Pattern with more than 5 reviews!
|Burda: 7519 (Woven Cowl Tunic) - Type:Tops |
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Review rated Very Helpful
by 11 people
|About nicegirl |
|Member since: 5/10/06 |
|Reviews written: 290|
|Favored by: 293 people|
|patterns reviewed: 290|
|Posted on:||11/20/12 9:34 AM |
Burda Pattern Info
|Pattern Rating:||Great Wardrobe Builder |
|See other patterns in this category: Tops |
|Available for sale on PR: $7.46 (See envelope) |
|Fabric:||sari silk [See other projects in this fabric]|
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|Pattern Description: |
Misses' loose-fitting cowl top can be made of woven or knit. Top or tunic length. Option of draped sleeve.
I cut between the top and tunic lengths and used the sleeve.
34-46. I cut a 34 at the shoulders and bust, transitioning to a 38 at the hip.
A sari border print silk purchased from Fabric Mart many years ago for $9.99/yd.
Lined with cotton batiste, $4/yd from Vogue Fabrics (they appear not to carry it anymore)
Total cost, including pattern and notions: Around $30. Expensive for me!
Time to Make:
I added a lining and took my time matching the print motifs, so this took about 7 hours.
What did you particularly like or dislike about the pattern?
I like that it's a woven pullover cowl, and I was very much drawn to the sleeves.
I am a little disappointed in how the sleeves turned out; they don't show the distinct tiers promised on the pattern envelope.
Did it look like the photo/drawing on the pattern envelope once you were done sewing with it?
Pretty much, except for the degree of drape on the sleeves.
Were the instructions easy to follow?
These instructions were mediocre. I didn't like the construction order, and the instruction on the sleeve was inadequate. I've described how I put it together below.
Pattern Alterations or any design changes you made:
-I took a lot of care with pattern matching for this project, and the
matches are pretty much spot on (I'm not going to pretend it's perfect, of course!). I pinned at each black line and used the walking foot to ensure even feed of the top and bottom fabric.
-Added a CB seam for swayback shaping.
-I normally hem tops at the high hip for the most flattering spot on me, but I wanted a couple longer tops to wear with my jeggings. I cut in between the shirt and tunic length on the pattern.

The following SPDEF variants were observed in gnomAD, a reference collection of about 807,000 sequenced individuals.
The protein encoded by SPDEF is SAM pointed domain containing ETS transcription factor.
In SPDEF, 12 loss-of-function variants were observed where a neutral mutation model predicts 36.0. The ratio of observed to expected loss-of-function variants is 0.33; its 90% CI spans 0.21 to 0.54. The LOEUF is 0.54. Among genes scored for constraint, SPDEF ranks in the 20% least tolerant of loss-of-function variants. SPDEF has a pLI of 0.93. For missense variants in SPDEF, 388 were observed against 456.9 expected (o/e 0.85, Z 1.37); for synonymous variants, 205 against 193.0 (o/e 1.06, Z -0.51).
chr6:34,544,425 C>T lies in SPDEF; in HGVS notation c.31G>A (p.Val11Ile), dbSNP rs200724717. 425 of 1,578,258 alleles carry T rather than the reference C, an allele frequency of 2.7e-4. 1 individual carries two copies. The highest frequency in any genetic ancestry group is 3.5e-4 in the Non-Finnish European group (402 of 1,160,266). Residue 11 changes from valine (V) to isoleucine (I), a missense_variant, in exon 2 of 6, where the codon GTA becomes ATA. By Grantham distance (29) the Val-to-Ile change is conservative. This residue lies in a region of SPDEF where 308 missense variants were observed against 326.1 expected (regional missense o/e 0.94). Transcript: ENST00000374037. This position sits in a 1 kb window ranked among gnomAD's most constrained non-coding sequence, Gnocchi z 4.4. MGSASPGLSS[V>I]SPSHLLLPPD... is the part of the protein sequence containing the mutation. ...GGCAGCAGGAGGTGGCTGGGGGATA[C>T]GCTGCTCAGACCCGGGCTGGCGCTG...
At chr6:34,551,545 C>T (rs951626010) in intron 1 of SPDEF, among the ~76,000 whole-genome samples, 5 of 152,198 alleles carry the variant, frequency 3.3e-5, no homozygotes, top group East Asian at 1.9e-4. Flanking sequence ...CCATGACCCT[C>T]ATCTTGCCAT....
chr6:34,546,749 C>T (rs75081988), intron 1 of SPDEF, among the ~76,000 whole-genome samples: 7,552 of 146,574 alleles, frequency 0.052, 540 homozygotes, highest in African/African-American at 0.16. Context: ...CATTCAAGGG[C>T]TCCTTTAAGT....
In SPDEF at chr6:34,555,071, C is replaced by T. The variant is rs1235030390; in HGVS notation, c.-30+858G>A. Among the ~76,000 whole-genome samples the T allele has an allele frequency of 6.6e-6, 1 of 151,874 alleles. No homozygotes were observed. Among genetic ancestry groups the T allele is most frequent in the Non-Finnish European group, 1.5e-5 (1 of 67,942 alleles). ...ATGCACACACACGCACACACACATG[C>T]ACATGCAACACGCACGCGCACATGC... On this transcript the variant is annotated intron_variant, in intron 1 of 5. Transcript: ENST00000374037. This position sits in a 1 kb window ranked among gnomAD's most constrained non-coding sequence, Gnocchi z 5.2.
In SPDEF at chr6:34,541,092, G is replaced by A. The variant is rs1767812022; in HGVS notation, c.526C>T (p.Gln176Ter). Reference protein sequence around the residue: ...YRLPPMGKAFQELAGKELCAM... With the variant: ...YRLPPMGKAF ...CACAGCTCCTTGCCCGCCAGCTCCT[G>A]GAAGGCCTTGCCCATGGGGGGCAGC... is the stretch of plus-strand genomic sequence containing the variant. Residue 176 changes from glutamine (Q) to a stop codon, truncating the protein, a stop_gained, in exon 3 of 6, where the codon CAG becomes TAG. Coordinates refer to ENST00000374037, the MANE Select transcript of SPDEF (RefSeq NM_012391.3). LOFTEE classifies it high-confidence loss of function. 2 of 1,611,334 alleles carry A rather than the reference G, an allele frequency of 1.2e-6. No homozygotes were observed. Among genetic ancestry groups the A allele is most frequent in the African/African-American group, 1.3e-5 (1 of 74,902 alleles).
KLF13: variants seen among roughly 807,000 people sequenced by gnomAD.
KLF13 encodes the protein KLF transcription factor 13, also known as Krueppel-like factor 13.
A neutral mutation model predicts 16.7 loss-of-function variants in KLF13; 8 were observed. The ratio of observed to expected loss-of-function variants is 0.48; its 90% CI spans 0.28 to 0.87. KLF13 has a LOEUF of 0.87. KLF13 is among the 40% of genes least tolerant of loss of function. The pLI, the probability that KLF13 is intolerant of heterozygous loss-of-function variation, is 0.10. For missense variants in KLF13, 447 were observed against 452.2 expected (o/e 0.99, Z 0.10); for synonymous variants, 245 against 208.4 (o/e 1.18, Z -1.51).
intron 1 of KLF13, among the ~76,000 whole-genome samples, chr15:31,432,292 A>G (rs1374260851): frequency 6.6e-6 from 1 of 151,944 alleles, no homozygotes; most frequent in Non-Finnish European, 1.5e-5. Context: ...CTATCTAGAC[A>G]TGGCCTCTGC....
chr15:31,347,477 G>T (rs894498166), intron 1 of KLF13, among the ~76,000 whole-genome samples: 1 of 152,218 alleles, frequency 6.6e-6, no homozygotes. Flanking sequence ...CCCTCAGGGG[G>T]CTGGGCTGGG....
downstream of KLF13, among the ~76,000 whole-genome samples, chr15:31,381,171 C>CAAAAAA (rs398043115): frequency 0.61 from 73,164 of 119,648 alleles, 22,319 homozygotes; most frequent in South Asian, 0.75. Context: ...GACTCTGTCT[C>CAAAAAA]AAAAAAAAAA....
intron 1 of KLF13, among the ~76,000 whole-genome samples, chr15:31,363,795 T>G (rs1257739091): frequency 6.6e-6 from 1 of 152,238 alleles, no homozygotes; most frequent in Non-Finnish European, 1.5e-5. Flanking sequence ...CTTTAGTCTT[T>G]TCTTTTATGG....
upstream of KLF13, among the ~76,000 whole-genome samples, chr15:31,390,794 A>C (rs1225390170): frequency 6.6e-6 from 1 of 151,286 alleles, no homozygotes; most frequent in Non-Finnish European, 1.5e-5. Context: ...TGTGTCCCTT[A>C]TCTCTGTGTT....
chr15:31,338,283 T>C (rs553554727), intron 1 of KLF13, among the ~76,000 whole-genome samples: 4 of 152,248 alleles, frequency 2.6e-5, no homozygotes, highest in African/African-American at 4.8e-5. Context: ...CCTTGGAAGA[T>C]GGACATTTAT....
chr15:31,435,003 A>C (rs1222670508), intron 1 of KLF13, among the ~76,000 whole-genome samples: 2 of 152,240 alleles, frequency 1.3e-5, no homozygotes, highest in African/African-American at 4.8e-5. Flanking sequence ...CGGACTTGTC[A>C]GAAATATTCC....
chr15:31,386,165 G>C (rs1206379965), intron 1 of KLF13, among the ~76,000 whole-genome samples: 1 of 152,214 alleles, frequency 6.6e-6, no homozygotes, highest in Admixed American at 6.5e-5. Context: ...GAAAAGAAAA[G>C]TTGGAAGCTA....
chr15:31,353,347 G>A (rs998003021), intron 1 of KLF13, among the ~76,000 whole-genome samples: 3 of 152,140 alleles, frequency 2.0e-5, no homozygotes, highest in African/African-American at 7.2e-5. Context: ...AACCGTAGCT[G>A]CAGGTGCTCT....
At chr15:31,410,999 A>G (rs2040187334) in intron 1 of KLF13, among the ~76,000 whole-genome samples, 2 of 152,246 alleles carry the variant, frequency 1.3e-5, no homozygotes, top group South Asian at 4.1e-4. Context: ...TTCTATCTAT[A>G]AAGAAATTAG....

-I lined this top as the silk was quite sheer.
To cut the front lining, I folded down the self-facing on the pattern and traced where it ended. In cutting the fashion fabric, I added a 1/4 inch seam allowance at the top of the self-facing, and in cutting the lining I added a 1/4 seam allowance above the marked line. I stitched the two pieces together using the serger and pressed well. This creates a neat finish on the inside, and by keeping the front self-facing intact there is no chance of the lining showing at the cowl.
-I wasn't overly impressed with the construction order and method for this project, so I used my own preferred method for cowl necks.
-First, I finished the back neckline by sewing the fashion fabric and back lining right sides together at the neckline, using the serger to trim off the seam allowance, and flipping and pressing.
-Next, sandwich the back shoulder with the front and its self-facing/lining. The fold line goes at the neckline/inner edge of the back shoulder. Stitch, finish the seam allowances, and turn. The seam allowances will automatically turn toward the front. Press.
-Next I sewed the side seams, starting on the fashion fabric and continuing onto the lining.
-I treated the fashion fabric and lining as one at the armscye. This method does create a visible seam inside the garment; it is not neatly finished as a fully-lined garment would be. This can be remedied by setting the sleeve only into the fashion fabric, folding down and pressing the lining seam allowance, and then hand stitching the lining to the armscye's seam allowance. I don't go to the trouble unless it's a special garment.
-The one review
of this pattern that discusses the sleeves mentioned that they are
really restrictive. Cutting out the voluminous sleeve pattern, I didn't see how this was possible. The instructions weren't clear on how to install the sleeve. The sleevecap is longer than the armscye so at first I overlapped the finished lower edges of the sleeves. Whoa. I couldn't even pull the sleeve over my arm enough to get the shoulder to my shoulder. How that much fabric can be too tight, I don't understand, but I stopped doubting the reviewer.
I ripped out the sleeves. This time I eased the sleeve cap and abutted the finished edges of the sleeve so they met exactly at the side seam. Huge improvement. The sleeves are no longer tight and uncomfortable. However, I am a little disappointed in them. The distinct tiers of drapes pictured on the envelope don't really show up in my project, though the print could be obscuring their appearance a little.
-After carefully pressing the hem exactly at the border motif, I machine blind hemmed the fashion fabric. The blind hem stitches disappear pretty well into the border print. The lining, which hangs free below the armscye, was hemmed with a regular straight stitch.
This can *almost* be worn as a true tunic, but the side view is pretty atrocious so I will likely wear it belted at all times. We can wear jeans to work on Fridays. I always feel like I should wear a nicer top to go with them and this really fits the bill. I am happy both with the pattern and that I have finally sewn up this special fabric!
This is one of those things that I think doesn't look as good in the
photos as in real life. It looks more bulky than it really is--the silk
is very lightweight and the batiste lining is also light.
All photos are here and the blog post is here.
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